I think bivocational ministry is going to need to be a bigger part of the picture in mainline churches.  But for pastors to be open to that, it might mean that seminaries have to be overhauled to craft pastors geared more towards mission instead of maintainence.

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3 thoughts on “What’s So Wrong About Being A Bivocational Pastor?

  1. I wasn’t trained to do either. I was trained to be a theologian. A trade school seminary would probably have to skip out on the Hebrew and Greek. Some of the most thriving evangelical churches are headed by very charismatic pastors educated in the manner you’re prescribing who also tell their flocks that tornadoes are God’s punishment for feminism and homosexuality. There’s no reason why reading Karl Barth or James Cone makes one a chaplain and not an evangelist. I don’t think we should be too quick to say that theological education is a waste of resources. I could probably teach high school and pastor a church at the same time. The difference would be that I wouldn’t have any time to read and grow in my own theological knowledge which of course doesn’t seem to be too relevant to what most people think my job is.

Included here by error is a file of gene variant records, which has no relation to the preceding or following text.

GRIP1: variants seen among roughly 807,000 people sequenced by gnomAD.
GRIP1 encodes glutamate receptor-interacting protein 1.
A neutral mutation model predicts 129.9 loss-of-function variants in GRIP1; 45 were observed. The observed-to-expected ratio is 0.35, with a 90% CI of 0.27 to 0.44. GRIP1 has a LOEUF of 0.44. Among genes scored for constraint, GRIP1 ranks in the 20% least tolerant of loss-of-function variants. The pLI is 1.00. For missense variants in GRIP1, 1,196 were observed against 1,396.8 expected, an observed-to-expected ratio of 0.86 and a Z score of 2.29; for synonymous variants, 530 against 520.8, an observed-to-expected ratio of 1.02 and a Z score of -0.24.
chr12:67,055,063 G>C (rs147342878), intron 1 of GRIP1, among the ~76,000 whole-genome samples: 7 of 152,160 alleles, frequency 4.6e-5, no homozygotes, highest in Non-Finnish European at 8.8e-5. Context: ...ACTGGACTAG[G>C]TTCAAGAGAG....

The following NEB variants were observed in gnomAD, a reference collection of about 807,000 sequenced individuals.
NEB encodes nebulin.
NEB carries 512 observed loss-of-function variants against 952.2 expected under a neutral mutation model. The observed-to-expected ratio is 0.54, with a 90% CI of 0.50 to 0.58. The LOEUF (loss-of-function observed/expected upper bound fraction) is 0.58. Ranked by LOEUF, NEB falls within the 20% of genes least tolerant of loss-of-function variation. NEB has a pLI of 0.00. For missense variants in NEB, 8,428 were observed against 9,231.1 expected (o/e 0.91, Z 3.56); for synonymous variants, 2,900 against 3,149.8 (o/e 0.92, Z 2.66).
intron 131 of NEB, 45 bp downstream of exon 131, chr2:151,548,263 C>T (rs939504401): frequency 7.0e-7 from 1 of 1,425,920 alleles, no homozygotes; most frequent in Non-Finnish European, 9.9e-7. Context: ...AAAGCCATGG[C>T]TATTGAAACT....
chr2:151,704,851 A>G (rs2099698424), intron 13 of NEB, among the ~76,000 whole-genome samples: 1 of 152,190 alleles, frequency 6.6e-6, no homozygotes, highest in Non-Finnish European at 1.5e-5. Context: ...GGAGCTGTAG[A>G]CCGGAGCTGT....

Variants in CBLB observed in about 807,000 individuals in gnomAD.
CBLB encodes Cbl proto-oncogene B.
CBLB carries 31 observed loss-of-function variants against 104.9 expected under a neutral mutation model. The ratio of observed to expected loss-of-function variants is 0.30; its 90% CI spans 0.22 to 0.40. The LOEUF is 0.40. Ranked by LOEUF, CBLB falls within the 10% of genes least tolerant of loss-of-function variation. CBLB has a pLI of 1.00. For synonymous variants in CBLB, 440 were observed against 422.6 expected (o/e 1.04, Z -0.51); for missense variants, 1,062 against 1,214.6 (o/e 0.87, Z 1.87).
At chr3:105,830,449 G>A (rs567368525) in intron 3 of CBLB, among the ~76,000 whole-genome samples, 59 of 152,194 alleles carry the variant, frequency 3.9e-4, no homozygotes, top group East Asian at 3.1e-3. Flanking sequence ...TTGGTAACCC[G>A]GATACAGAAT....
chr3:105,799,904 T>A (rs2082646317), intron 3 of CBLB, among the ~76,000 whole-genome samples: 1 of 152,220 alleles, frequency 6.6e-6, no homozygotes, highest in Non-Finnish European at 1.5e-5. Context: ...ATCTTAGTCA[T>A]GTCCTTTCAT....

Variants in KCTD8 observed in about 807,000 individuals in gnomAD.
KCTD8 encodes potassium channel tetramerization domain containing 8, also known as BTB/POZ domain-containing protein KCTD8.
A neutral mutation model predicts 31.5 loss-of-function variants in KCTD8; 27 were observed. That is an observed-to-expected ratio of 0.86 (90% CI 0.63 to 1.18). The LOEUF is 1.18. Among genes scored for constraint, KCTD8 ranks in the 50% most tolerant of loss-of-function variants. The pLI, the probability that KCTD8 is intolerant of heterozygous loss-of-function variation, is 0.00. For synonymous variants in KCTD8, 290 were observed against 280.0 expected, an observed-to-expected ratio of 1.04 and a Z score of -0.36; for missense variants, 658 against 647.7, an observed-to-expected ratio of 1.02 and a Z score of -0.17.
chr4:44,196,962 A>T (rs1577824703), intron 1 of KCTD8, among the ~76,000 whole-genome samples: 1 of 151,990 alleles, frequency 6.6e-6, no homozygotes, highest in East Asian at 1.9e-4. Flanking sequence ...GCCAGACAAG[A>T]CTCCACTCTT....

2. Hey I didn’t mean to be so grumpy. I guess I just remember in my days when I was teaching, I was exhausted all the time and didn’t have any time for my family and I can’t imagine doing that on top of ministry and have any time to breathe.

  3. It seems to me that we need to train more laity to be bi-vocational too. Often laity believes that their vocation is teaching, nursing, plumbing, car sales, garbage collecting or whatever and fails to recognize that ministry is possible in all those situations. Laity is afraid that they don’t know enough to do ministry….. tho why one needs to study Greek or Hebrew to do ministry is beyond me!